A Call to the Catholic Church in the Phils. to Declare the True Site of the "Primera Misa"

A Call to the Catholic Church in the Phils. to Declare the True Site of the "Primera Misa"

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Butuan Quincentenario started this petition to Catholic Bishops' Conference of the Philippines Committee on the Cultural Heritage of the Church and

M A N I F E S T A T I O N    


"On Easter Sunday, the First Mass was celebrated by his chaplain in Butuan” 


With less than two (2) years from now, the Catholic Church will mark the 500th year of Christianity in the Philippines. A very important event to us all as it causes us to reflect on the beginning of our Christian faith that has shaped not only the belief of the peoples in this archipelago but also our way of life as Catholic Filipinos.

Correspondingly, WE, the people of the City of Butuan hereby MANIFEST, That –

1. Contemplating on how the Christian faith was introduced to our ancestors, ours is founded on a very unique evangelical act as it commemorates our Redemption in that Easter Mass on March 31, 1521. It was the time Ferdinand Magellan also claimed our forefathers to God. Accordingly, we cannot brush aside the island of Mazaua outside the realm of what is of paramount importance to the beginning of our Christian faith. Neither should the conundrum hounding its real site for centuries be left to linger on;

2. The first recorded act of evangelization in the Philippines, which refers to the 1521 Easter Mass, is predominantly the religious heritage of the Catholic Church that is its core concern. It rests within the ecclesiastical domain of the Church. Thus, we now implore the Church to state its ecclesiastical exegesis where the first Mass in our country actually took place, and not be made by a historical agency of our government which pivots toward the province of politics;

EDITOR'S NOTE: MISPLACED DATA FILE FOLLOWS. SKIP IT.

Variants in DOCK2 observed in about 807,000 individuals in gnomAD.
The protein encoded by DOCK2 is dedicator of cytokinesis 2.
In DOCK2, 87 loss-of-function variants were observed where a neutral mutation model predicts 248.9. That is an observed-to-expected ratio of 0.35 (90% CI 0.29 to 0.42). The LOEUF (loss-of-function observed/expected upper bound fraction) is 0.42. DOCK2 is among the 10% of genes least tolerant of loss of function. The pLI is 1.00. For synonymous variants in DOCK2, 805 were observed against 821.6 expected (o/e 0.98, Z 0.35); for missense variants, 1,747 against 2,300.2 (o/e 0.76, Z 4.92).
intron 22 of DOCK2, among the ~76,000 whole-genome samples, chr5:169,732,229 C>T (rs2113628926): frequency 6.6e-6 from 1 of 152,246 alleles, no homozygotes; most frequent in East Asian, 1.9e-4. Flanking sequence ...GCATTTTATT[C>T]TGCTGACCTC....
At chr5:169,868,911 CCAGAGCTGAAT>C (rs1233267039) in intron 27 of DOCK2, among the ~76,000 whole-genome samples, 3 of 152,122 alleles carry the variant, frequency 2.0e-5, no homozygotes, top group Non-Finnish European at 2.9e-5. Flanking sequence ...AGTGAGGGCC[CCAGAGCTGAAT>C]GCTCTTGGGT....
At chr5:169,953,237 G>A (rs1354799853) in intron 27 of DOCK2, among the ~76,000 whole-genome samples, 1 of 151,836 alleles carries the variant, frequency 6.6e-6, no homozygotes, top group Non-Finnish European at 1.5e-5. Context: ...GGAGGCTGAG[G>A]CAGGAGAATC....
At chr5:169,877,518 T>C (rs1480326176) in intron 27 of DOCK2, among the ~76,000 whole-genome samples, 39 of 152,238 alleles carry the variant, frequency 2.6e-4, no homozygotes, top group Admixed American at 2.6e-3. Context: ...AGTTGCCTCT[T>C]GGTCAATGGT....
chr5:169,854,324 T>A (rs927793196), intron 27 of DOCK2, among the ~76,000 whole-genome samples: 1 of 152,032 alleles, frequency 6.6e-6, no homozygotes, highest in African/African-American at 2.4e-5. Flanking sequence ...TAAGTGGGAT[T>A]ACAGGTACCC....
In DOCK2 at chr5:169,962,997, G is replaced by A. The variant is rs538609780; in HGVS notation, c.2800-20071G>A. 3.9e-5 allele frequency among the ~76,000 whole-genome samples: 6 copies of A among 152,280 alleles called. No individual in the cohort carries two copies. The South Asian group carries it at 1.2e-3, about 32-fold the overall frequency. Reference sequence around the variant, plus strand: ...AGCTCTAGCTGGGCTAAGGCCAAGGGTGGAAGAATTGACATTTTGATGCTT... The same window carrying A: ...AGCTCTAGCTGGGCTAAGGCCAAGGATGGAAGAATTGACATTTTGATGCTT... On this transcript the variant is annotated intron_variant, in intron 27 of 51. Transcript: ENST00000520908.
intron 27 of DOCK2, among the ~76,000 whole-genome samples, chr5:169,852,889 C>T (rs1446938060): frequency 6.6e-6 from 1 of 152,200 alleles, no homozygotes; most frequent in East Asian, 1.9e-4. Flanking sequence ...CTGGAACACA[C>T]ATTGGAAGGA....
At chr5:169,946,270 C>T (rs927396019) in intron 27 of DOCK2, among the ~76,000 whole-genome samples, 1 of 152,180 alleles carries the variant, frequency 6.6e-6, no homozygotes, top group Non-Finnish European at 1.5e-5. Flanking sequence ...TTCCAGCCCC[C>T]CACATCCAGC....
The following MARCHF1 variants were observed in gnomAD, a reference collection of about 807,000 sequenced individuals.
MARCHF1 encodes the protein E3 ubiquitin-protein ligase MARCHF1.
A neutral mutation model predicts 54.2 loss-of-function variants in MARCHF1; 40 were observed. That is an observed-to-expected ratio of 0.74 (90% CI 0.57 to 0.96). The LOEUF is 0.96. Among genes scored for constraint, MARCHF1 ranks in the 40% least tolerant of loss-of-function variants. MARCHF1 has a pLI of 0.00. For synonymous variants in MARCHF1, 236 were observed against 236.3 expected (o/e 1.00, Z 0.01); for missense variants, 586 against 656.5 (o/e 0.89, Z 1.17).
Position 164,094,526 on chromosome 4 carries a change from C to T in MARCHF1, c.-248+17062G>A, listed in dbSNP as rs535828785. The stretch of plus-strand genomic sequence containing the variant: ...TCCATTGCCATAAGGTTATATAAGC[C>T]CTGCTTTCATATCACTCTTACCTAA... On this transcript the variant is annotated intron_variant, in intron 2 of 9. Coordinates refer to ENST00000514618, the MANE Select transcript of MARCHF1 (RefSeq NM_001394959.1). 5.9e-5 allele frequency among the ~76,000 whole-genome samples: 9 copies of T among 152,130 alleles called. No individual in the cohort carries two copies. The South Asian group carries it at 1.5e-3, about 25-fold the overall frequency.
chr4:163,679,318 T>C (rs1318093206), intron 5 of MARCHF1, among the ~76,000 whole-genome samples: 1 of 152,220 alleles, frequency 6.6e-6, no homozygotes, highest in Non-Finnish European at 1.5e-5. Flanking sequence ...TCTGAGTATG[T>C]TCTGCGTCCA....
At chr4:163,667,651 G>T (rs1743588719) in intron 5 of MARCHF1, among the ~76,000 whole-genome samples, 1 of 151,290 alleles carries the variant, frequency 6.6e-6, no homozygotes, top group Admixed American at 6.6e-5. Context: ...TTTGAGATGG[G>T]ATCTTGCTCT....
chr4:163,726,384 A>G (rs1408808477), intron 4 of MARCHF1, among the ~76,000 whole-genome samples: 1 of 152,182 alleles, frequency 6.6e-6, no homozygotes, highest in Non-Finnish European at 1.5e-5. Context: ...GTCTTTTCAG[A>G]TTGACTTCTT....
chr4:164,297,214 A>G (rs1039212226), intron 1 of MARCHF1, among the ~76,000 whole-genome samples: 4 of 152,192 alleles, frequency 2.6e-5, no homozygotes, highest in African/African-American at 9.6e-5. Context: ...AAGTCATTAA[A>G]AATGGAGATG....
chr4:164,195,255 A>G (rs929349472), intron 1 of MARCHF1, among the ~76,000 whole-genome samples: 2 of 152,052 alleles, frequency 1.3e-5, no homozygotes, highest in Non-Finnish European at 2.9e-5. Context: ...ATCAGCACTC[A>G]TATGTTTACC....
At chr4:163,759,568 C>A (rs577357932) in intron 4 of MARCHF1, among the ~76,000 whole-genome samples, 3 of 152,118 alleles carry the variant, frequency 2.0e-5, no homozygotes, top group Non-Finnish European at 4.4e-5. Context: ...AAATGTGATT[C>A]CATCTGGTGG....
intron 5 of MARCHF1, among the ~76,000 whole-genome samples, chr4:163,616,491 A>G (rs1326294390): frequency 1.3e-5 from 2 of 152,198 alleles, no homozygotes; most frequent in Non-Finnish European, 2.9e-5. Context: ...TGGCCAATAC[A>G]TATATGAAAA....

3. The Church is not without records of its history in the archipelago. In fact, if we abide by Church documents -- it will point us to an extremely useful and complete old church document which dates back to 1574 and is called “Anales Ecclesiasticos de Philipinas”;

4. In its desire to keep a record of occurrences and historical events in the archipelago, the Anales was written three (3) years after the Spaniards occupied Manila in 1571. An original and official Church record that must be viewed from the Christian standpoint as sources at first hand, being a chronological record of the daily events of each year in the earliest period of the Church during the sixteenth century;

5. As may be gleaned from the pages of this document, the first Mass is logged as the first record at the beginning of its entry. Evidently, this guides us to a concrete fact that the Primera Misa, officiated by Fr. Pedro de Valderrama during the Domingo de Pascua (Easter Sunday) of March 31, 1521, was celebrated in Butuan;

6. The fact contained in the Anales antedates the present controversy. There is no showing in this document that would suggest that the entries therein were contrived to prove a point in the present controversy between Limasawa of Southern Leyte and Butuan. Neither was it entered in the records to favor a certain place among the contestants. Rather, it is the ancient account of the unadorned fact in noting the TRUE and ACTUAL site of the first Mass in the Philippines which is Butuan;